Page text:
President Bush’s recent pledge to raise the Renewable Fuel Standard to 35 billion gallons by 2017 dropped with a bit of a thud.
David Roberts made a pretty good case that all the recent hype around ethanol may soon prove quaint: that, in essence, the ethanol craze will eventually likely crumble under its weighty political, agricultural, and technological contradictions. Maybe so.
Meanwhile, though, farmers are planting a shitload of corn, dozens of ethanol plants are sprouting up across the land, and the government is planning to plow ever more cash into research on cellulosic ethanol, a technology whose commercial viability remains perpetually five years away. It’s worth asking: If Bush’s ethanol dream did come true, how much would it cost taxpayers?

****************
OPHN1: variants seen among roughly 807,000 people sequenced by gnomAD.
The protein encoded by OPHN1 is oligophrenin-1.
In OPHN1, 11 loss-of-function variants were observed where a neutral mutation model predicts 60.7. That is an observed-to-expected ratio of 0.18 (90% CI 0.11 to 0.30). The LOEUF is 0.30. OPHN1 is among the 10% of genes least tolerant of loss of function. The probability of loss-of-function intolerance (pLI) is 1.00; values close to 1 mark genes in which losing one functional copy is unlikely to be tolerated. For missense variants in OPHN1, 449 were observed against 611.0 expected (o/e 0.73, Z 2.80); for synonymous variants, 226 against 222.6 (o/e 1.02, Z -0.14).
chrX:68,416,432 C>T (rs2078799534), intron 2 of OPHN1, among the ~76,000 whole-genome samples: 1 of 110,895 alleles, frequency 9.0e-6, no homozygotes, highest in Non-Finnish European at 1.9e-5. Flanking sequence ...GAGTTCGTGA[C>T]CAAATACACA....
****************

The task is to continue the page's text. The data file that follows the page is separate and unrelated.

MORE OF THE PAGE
Answer: at least $118 billion.
That calculation comes from Gristmill’s own Ron Steenblik, research director of the Global Subsidies Initiative, and Doug Koplow, whose ground-breaking report on biofuel subsidies so informed Grist’s recent biofuels series.
And what would taxpayers get for that not inconsiderable chunk of change (which could theoretically be spent, say, building out high-speed trains between population centers)?
That’s a question of some debate. Researchers in Oregon recently looked at what environmental gains ethanol subsidies deliver for their own state, and concluded: not much.
For one thing …
the cost of reducing greenhouse gas emissions by switching to corn-based ethanol was calculated to be more than 200 times higher than other existing policy options to reduce greenhouse gas emissions.
For comparison, the authors calculated that the net energy benefits from increasing automobile fuel efficiency by one mile per gallon would be equivalent to three or four corn ethanol plants or 13 biodiesel plants